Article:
What Next for Alexis Sanchez?

Four reasons Alexis Sanchez should be given another chance at ...
Image from Manchester Evening News

There are few signings that have had me as excited as I was when I heard the news that Alexis Sanchez was to become a Manchester United player. He was our new number 7 and I could think of nobody better to fill that historic shirt. A shirt worn by legends like George Best, Bryan Robson, Eric Cantona, David Beckham and Cristiano Ronaldo. The Alexis Sanchez of Arsenal embodied everything a Manchester United number 7 should be about, he was tough, hard working, a team player, tricky, clinical and above all was somebody who got you on the edge of your seat.

Just over two years before joining United he had torn us to pieces at the Emirates in a game Arsenal worn 3-0 with Sanchez being at the centre of everything, effectively ending Matteo Darmian’s United career in the process. About a year later I watched him play from the Sir Bobby Charlton Stand for Arsenal against United at Old Trafford in a 1-1 draw. Arsenal were embarrassing that day in a performance synonymous with the latter stages of Arsene Wenger’s reign. However, there was one player who stood out for Arsenal that day and there’s no prizes for guessing who. He was brilliant.   He played up front on his own that day, was feeding off scraps and still stood out like a sore thumb.   He was the best player on the park by a mile. Leaving Old Trafford that day there was only one thing on my mind; as far as I was concerned, Manchester United needed to do everything in their power to sign Alexis Sanchez. There are very few opposition players that have left me feeling that way in my years supporting United so you could imagine just how ecstatic I was when we signed him.

Unfortunately, the Alexis Sanchez we bought was a shadow of the one I saw playing for Arsenal at Old Trafford. There were times where I genuinely questioned whether we had signed his twin brother.  I can count on one hand the number of good games he had in a Manchester United shirt.   His performances in the 3-2 win at the Etihad against City in April 2018 and his performance in the Semi Final of the FA Cup against Spurs in the same season were excellent, but apart from that any sign of the Sanchez we saw at Arsenal were few and far between. It therefore was no surprise to me when Ole Gunnar Solskjaer decided he had seen enough and shipped him to Milan where his performances for Inter were much the same as had been seen in a United shirt. His short loan spell at Inter has mirrored his spell at United as he’s spent most of his time on the treatment table and when he has played he’s been woeful, devoid of any of the qualities that made him a fans’ favourite at Arsenal.

 The question is, what does this mean for his future at United? Unsurprisingly, Inter won’t be taking up any option to buy Sanchez and with his poor form over the past two years, along with his poor injury record and extortionate wages how will United be able to offload him? The answer to this question is quite straightforward as far as I am concerned as we won’t be able to offload him.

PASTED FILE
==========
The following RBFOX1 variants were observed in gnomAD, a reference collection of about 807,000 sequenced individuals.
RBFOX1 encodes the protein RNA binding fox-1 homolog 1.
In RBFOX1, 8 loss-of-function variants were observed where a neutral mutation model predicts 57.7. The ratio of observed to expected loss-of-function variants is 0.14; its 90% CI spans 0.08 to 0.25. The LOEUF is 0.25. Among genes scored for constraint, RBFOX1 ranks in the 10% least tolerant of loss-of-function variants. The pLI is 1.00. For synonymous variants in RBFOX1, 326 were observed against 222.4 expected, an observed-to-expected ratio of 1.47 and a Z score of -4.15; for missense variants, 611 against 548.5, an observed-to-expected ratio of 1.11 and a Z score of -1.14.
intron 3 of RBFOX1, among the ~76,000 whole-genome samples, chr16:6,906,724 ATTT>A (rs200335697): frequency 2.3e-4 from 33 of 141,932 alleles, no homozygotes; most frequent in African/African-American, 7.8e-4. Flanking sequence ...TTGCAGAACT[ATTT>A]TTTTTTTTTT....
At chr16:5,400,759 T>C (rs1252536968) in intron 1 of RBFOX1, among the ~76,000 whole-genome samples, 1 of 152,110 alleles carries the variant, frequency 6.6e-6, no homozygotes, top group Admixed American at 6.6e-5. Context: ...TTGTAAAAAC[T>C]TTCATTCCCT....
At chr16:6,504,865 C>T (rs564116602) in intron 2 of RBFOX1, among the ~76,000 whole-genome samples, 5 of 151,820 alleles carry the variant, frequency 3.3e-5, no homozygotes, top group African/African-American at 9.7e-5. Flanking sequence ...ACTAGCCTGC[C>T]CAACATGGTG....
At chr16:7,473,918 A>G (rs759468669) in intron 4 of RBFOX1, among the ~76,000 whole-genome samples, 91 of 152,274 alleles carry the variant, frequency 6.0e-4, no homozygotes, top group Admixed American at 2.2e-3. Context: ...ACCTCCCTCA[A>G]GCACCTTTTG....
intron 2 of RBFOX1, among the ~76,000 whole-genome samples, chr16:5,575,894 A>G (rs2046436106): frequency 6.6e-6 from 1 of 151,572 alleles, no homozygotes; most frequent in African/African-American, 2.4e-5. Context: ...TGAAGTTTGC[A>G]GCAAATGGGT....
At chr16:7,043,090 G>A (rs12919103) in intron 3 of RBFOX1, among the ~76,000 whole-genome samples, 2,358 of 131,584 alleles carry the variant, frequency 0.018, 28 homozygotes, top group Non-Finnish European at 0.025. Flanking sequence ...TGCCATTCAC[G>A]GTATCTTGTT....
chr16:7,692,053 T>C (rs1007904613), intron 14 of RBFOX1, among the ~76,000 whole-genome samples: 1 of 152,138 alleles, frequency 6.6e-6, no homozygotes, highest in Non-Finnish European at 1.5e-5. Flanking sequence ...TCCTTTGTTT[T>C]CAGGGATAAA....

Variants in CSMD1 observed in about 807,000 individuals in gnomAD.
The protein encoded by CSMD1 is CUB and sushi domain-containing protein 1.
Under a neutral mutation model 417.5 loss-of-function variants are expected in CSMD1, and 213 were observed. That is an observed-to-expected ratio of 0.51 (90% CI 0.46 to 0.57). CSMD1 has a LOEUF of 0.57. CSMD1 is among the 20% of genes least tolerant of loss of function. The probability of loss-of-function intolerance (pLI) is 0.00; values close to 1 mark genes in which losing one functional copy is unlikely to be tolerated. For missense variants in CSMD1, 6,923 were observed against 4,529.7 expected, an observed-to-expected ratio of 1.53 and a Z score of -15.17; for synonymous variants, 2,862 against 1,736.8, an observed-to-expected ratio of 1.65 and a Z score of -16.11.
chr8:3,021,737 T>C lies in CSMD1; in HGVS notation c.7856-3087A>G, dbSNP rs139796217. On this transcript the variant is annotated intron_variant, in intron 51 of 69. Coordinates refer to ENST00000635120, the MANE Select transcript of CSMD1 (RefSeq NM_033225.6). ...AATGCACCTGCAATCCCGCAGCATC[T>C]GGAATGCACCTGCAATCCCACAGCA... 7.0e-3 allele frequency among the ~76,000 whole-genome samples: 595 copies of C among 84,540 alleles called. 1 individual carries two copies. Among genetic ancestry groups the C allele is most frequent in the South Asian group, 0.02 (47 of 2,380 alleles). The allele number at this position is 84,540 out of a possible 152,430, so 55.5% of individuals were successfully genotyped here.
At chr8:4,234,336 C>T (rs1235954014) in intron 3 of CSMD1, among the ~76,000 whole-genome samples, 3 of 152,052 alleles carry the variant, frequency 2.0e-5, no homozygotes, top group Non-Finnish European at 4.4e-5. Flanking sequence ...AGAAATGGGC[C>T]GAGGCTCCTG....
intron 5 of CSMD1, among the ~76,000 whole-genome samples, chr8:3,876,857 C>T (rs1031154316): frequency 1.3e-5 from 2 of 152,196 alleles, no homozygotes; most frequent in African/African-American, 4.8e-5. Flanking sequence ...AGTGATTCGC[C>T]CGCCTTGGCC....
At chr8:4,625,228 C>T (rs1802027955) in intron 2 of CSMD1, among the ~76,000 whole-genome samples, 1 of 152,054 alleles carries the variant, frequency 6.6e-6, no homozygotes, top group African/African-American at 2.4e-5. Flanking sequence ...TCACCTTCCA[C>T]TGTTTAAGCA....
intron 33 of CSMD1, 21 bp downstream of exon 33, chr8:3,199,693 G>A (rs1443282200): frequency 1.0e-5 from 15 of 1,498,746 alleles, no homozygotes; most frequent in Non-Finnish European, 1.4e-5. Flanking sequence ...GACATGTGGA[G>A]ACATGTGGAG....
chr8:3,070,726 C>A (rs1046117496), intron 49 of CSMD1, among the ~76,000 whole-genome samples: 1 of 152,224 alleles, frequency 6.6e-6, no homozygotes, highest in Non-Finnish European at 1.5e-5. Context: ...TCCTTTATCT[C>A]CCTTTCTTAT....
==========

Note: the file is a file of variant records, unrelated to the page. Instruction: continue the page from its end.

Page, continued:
In my opinion, there are two options available for United. These are that we either find another club willing to take him on loan for a year or we keep him as a squad player. The reported £500,000 a week Sanchez is earning at United is a lot of money to be paying someone to play a bit-part role but that is the reality United are facing with regards to Sanchez at the minute. Like pretty much everything post the Sir Alex Ferguson era, the blame for this lies at the door of Ed Woodward.   When your CEO of any football club, never mind the biggest club in the world, you always have to assume the worst possible scenario, which in this case played out in reality. To offer a player those wages on the back of his final half a season at Arsenal, where he hadn’t played many games due to injury is staggering. I don’t have a problem with United offering a player a slightly higher salary than they were on at their previous club or than their worth in cases where they have signed the player for free, but £500,000? Do me a favour. In doing that, he has put the manager in an awkward position where he will now have a player who he clearly doesn’t want and a player who knows his manager doesn’t want him as he wouldn’t have been loaned out to Inter if Solskjaer saw any long-term future for him at the club.  

Quite frankly this is a mess and needs to be sorted as soon as possible. If that means loaning him out again for a season or including him in a cash plus swap deal than so be it. Whether any other club would be willing to take a chance on him remains to be seen and with the wages he’s on, I am not sure Sanchez will be exactly chomping at the bit to leave.

Author: TUD Author